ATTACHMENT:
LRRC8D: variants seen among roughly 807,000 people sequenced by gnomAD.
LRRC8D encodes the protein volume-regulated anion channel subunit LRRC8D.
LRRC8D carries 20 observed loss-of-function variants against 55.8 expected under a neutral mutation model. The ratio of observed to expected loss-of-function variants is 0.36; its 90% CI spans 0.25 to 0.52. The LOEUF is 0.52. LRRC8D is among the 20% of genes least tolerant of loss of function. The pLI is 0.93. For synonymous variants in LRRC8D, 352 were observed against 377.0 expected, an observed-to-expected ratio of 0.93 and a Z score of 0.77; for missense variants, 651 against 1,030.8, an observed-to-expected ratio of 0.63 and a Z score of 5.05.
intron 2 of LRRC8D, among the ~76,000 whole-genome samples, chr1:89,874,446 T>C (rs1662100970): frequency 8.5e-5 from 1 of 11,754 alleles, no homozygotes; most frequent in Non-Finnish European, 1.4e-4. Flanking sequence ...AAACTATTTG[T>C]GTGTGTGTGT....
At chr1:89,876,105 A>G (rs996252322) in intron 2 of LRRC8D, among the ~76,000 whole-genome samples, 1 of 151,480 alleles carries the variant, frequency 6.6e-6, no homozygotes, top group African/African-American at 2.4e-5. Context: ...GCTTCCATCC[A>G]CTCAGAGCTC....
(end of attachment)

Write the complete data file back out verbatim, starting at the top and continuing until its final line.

LRRC8D: variants seen among roughly 807,000 people sequenced by gnomAD.
LRRC8D encodes the protein volume-regulated anion channel subunit LRRC8D.
LRRC8D carries 20 observed loss-of-function variants against 55.8 expected under a neutral mutation model. The ratio of observed to expected loss-of-function variants is 0.36; its 90% CI spans 0.25 to 0.52. The LOEUF is 0.52. LRRC8D is among the 20% of genes least tolerant of loss of function. The pLI is 0.93. For synonymous variants in LRRC8D, 352 were observed against 377.0 expected, an observed-to-expected ratio of 0.93 and a Z score of 0.77; for missense variants, 651 against 1,030.8, an observed-to-expected ratio of 0.63 and a Z score of 5.05.
intron 2 of LRRC8D, among the ~76,000 whole-genome samples, chr1:89,874,446 T>C (rs1662100970): frequency 8.5e-5 from 1 of 11,754 alleles, no homozygotes; most frequent in Non-Finnish European, 1.4e-4. Flanking sequence ...AAACTATTTG[T>C]GTGTGTGTGT....
At chr1:89,876,105 A>G (rs996252322) in intron 2 of LRRC8D, among the ~76,000 whole-genome samples, 1 of 151,480 alleles carries the variant, frequency 6.6e-6, no homozygotes, top group African/African-American at 2.4e-5. Context: ...GCTTCCATCC[A>G]CTCAGAGCTC....